Don't Panic! Better, Fewer, Syntax Errors for LR Parsers

Authors Lukas Diekmann, Laurence Tratt

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Lukas Diekmann
  • Software Development Team, King’s College London, United Kingdom
Laurence Tratt
  • Software Development Team, King’s College London, United Kingdom


We are grateful to the Blackbox developers for allowing us access to their data, and particularly to Neil Brown for help in extracting a relevant corpus. We thank Edd Barrett for helping to set up our benchmarking machine and for comments on the paper. We also thank Carl Friedrich Bolz-Tereick, Sérgio Queiroz de Medeiros, Sarah Mount, François Pottier, Christian Urban, and Naveneetha Vasudevan for comments.

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Lukas Diekmann and Laurence Tratt. Don't Panic! Better, Fewer, Syntax Errors for LR Parsers. In 34th European Conference on Object-Oriented Programming (ECOOP 2020). Leibniz International Proceedings in Informatics (LIPIcs), Volume 166, pp. 6:1-6:32, Schloss Dagstuhl – Leibniz-Zentrum für Informatik (2020)


Syntax errors are generally easy to fix for humans, but not for parsers in general nor LR parsers in particular. Traditional "panic mode" error recovery, though easy to implement and applicable to any grammar, often leads to a cascading chain of errors that drown out the original. More advanced error recovery techniques suffer less from this problem but have seen little practical use because their typical performance was seen as poor, their worst case unbounded, and the repairs they reported arbitrary. In this paper we introduce the CPCT+ algorithm, and an implementation of that algorithm, that address these issues. First, CPCT+ reports the complete set of minimum cost repair sequences for a given location, allowing programmers to select the one that best fits their intention. Second, on a corpus of 200,000 real-world syntactically invalid Java programs, CPCT+ is able to repair 98.37%±0.017% of files within a timeout of 0.5s. Finally, CPCT+ uses the complete set of minimum cost repair sequences to reduce the cascading error problem, where incorrect error recovery causes further spurious syntax errors to be identified. Across the test corpus, CPCT+ reports 435,812±473 error locations to the user, reducing the cascading error problem substantially relative to the 981,628±0 error locations reported by panic mode.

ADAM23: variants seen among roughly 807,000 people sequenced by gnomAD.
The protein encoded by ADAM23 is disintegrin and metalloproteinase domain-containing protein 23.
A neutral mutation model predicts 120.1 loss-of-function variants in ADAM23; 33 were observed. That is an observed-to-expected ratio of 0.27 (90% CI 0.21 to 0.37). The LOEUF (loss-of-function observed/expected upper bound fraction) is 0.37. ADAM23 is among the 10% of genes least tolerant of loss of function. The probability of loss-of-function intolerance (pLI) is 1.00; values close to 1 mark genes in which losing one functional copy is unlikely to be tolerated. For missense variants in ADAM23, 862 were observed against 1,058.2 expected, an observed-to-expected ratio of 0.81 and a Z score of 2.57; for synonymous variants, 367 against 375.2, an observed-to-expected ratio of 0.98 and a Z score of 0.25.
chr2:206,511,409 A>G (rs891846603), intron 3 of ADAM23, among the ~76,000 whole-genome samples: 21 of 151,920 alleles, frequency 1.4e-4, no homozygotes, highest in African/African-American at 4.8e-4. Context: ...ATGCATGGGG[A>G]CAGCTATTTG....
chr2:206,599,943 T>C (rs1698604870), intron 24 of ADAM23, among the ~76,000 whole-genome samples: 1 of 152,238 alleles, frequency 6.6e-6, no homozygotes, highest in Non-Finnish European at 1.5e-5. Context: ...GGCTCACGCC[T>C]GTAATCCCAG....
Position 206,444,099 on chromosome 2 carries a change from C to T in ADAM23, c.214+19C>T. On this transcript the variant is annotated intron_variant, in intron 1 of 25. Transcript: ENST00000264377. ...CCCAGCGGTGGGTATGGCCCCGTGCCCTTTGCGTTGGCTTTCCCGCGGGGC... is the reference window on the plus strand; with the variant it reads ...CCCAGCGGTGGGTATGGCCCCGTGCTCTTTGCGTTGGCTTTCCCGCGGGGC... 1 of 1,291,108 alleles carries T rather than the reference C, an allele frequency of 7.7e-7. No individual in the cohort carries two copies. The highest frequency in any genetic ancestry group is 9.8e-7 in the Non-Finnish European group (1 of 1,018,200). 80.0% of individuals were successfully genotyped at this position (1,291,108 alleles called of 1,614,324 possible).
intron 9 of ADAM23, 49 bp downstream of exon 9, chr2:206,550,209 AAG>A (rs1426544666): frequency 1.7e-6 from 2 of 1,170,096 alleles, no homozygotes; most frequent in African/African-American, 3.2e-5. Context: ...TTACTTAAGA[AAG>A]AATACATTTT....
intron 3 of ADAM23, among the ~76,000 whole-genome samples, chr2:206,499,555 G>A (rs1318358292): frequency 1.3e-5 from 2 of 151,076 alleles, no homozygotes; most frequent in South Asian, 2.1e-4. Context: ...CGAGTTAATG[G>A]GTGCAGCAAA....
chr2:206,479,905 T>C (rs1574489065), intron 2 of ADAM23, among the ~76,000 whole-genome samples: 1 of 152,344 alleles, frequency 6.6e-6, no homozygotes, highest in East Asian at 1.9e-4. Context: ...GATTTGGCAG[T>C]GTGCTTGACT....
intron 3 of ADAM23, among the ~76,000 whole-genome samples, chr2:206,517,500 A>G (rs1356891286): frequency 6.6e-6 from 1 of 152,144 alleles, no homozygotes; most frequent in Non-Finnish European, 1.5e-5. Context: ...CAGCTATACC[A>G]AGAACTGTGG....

Subject Classification

ACM Subject Classification
  • Theory of computation → Parsing
  • Software and its engineering → Compilers
  • Parsing
  • error recovery
  • programming languages


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